Urban America Forward | “The Next Generation of Leadership”
“United We Dream is the largest network of immigrant youth in the country. We are undocumented, we are unafraid, and we deserve to be treated with dignity.” – Cristina Jimenez, United We Dream
“We have to think about funding our work differently. Philanthropy has a role, but we have to create alternative funding models.” – Charlene Carruthers, BYP100
“Imagine a world that is post-police; a world in which we deal with harm by ourselves, as communities.” – Page May, We Charge Genocide
Movements by young activists have galvanized national attention and spurred debate about systems of oppression and discrimination faced by communities of color—and particularly youth—in America’s cities. The voices of young leaders were woven throughout the roundtable series, and next generation leadership was the subject of an in-depth discussion on how youth leaders are innovating in organizational structure, narrative, and strategy.
Below are the overarching themes that emerged from the series roundtables and the policy recommendations designed to respond to them.
A sense of urgency. Incidents of brutality against young people of color, whether through state-sponsored violence as in Ferguson and Baltimore, or carried out by private citizens as in Sanford, Florida, have sparked a youth-led social movement.
Self-determination. The organizing principles of next generation leaders are unabashedly self-determined, urging that people directly affected by the issues must lead the movements. They are also intersectional, grounded in the interconnected oppression experienced by race, gender, sexual-identity, class and citizenship status.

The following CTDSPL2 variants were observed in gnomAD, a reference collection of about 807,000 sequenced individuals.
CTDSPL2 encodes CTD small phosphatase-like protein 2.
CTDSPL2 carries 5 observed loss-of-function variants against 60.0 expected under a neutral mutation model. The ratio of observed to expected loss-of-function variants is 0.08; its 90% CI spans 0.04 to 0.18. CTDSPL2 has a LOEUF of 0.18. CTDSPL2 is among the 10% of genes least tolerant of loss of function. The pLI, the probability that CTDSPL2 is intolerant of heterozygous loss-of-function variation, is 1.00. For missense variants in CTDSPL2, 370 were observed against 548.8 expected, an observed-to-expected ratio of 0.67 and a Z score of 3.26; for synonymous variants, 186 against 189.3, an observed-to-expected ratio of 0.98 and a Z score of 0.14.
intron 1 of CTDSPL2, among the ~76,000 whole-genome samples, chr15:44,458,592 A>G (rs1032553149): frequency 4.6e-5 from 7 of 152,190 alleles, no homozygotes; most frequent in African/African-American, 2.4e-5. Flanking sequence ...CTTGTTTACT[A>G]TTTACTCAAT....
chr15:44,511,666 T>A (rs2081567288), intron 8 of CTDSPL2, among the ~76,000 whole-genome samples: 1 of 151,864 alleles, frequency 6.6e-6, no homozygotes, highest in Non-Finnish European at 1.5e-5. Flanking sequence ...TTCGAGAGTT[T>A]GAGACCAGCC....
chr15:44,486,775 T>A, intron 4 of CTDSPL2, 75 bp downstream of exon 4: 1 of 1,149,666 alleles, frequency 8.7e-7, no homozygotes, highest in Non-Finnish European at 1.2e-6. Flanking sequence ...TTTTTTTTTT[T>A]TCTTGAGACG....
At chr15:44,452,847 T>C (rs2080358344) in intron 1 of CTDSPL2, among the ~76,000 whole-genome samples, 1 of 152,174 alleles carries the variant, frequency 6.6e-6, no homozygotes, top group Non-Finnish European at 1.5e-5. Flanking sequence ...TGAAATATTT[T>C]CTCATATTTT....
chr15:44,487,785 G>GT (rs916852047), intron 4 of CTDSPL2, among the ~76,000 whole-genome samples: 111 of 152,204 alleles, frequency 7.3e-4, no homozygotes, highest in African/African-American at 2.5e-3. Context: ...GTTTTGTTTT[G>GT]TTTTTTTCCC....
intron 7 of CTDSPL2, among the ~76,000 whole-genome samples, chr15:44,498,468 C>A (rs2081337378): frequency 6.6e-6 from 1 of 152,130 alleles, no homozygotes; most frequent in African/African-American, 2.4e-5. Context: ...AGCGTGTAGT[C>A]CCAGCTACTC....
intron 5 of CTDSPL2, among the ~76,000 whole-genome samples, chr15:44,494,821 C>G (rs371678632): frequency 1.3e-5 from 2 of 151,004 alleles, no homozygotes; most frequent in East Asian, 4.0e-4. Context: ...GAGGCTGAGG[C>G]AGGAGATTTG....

Multiracial movements focused on dismantling anti-black racism. Young activists embrace racial, gender identity, sexual identity, and socioeconomic diversity. Many young activist organizations are multiracial and intergenerational in approach, but specifically name and seek to dismantle anti-black racism.
Seek funding that will ensure sustainability over time. Although foundations can be slow moving, donor networks and individual donors can be very effective at supporting and advancing grassroots organizing.
Models and Tactics
The Black Lives Matter network was formed in the wake of the killing of Trayvon Martin, an unarmed black teenager, and the acquittal of George Zimmerman. Founded by Alicia Garza, Patrisse Cullors, and Opal Tometi, Black Lives Matter is an official rallying cry of the next generation social movement, and the network is reported to included nearly 30 official chapters across the United States and Canada. The network engages in local direct action to challenge injustices varying from police brutality, income equality, housing inequality, and institutional racism and sexism.
BYP 100 is an activist, member-based organization of black 18–35-year-olds dedicated to justice and freedom for all black people. Founded by Cathy Cohen at the University of Chicago, BYP100 is moving toward its goal by training young black activists in direct-action, grassroots organizing skills around issues such as ending criminalization of youth of color, dismantling the prison industrial complex, and expanding and securing LGBT and women’s rights.
The Dream Defenders is “an uprising of communities in struggle, shifting culture through transformational organizing.” Founded by Phillip Agnew to combat racial violence in the aftermath of Trayvon Martin killing, the Dream Defenders is organized around the nonviolent struggle for community control of land, bread, housing, education, technology, justice, and peace. They organize against political and economic systems of capitalism and imperialism, and patriarchy in an effort to bring an end to the police state and the murder of black people, the prison industrial complex, and unequal education.
 A. Altman, “Times Person of the Year 2015 Runner Up: Black Lives Matter,” TIME Magazine, 2015, http://time.com/time-person-of-the-year-2015-runner-up-black-lives-matter/